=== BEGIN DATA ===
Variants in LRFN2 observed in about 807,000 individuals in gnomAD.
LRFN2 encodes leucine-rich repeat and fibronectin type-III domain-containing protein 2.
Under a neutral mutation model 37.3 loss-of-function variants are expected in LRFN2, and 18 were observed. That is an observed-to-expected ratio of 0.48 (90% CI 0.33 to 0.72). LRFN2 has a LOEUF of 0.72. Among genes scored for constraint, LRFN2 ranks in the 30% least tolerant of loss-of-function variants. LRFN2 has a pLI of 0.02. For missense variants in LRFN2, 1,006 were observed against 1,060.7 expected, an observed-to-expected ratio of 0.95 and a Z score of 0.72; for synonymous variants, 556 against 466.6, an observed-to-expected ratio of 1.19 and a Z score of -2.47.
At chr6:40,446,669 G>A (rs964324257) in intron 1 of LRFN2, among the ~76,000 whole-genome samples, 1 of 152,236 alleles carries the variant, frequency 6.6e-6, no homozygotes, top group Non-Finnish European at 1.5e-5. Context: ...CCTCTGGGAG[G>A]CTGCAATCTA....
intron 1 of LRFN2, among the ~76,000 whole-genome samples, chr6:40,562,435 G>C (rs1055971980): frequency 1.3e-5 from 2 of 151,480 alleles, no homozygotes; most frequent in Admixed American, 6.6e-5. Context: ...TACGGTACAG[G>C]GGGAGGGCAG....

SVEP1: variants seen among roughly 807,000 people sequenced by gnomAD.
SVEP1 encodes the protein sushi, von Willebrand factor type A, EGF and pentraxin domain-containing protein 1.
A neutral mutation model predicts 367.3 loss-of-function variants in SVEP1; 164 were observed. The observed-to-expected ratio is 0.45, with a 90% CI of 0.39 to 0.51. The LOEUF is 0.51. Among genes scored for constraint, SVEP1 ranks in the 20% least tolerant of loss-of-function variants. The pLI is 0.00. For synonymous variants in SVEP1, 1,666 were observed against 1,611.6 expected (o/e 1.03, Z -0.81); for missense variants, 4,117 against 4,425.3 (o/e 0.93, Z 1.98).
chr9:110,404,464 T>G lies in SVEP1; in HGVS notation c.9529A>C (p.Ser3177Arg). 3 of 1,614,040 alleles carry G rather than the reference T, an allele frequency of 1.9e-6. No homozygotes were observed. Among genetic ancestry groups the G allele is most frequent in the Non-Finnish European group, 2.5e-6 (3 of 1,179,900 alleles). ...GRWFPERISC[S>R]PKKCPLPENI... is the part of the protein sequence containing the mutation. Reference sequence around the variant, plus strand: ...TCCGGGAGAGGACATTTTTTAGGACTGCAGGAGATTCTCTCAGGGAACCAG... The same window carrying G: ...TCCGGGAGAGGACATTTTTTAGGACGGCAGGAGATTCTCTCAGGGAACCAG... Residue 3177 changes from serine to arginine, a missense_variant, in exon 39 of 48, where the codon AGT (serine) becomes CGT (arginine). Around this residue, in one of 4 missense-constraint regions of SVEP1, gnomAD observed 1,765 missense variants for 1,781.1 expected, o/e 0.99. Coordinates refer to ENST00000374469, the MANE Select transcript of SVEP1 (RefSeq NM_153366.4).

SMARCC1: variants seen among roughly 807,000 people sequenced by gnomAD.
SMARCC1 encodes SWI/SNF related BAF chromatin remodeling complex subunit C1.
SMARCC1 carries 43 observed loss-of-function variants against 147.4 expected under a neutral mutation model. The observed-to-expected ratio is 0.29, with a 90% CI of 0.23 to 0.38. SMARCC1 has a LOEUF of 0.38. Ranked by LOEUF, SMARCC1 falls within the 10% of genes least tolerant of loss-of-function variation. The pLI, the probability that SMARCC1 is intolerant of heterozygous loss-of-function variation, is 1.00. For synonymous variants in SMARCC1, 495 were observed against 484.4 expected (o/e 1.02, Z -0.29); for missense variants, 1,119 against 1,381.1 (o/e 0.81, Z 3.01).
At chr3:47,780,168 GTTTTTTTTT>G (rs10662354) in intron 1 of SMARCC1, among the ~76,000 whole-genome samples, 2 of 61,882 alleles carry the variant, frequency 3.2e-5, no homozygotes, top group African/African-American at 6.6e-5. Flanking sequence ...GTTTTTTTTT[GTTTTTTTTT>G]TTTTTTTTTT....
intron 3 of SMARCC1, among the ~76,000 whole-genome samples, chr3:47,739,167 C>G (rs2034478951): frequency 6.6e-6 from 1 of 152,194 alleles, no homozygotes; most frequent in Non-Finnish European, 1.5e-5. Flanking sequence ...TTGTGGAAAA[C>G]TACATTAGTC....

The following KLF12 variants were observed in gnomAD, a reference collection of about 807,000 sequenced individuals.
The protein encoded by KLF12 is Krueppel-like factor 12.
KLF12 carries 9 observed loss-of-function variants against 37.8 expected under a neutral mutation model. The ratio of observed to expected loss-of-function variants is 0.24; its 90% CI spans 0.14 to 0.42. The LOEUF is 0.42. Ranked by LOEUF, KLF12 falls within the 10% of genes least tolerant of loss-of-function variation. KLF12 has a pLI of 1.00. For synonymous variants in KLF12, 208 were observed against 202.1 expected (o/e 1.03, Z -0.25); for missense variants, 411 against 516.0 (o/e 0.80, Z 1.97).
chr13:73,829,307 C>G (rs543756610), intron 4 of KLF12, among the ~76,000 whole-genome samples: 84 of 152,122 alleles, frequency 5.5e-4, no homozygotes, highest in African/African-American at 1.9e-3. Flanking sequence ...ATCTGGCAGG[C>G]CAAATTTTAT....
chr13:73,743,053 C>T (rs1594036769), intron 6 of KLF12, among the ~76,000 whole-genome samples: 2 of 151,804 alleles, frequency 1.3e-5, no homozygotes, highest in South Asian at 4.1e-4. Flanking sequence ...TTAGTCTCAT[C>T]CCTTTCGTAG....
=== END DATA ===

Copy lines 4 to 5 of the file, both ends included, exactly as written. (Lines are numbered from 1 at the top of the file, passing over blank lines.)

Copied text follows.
At chr6:40,446,669 G>A (rs964324257) in intron 1 of LRFN2, among the ~76,000 whole-genome samples, 1 of 152,236 alleles carries the variant, frequency 6.6e-6, no homozygotes, top group Non-Finnish European at 1.5e-5. Context: ...CCTCTGGGAG[G>A]CTGCAATCTA....
intron 1 of LRFN2, among the ~76,000 whole-genome samples, chr6:40,562,435 G>C (rs1055971980): frequency 1.3e-5 from 2 of 151,480 alleles, no homozygotes; most frequent in Admixed American, 6.6e-5. Context: ...TACGGTACAG[G>C]GGGAGGGCAG....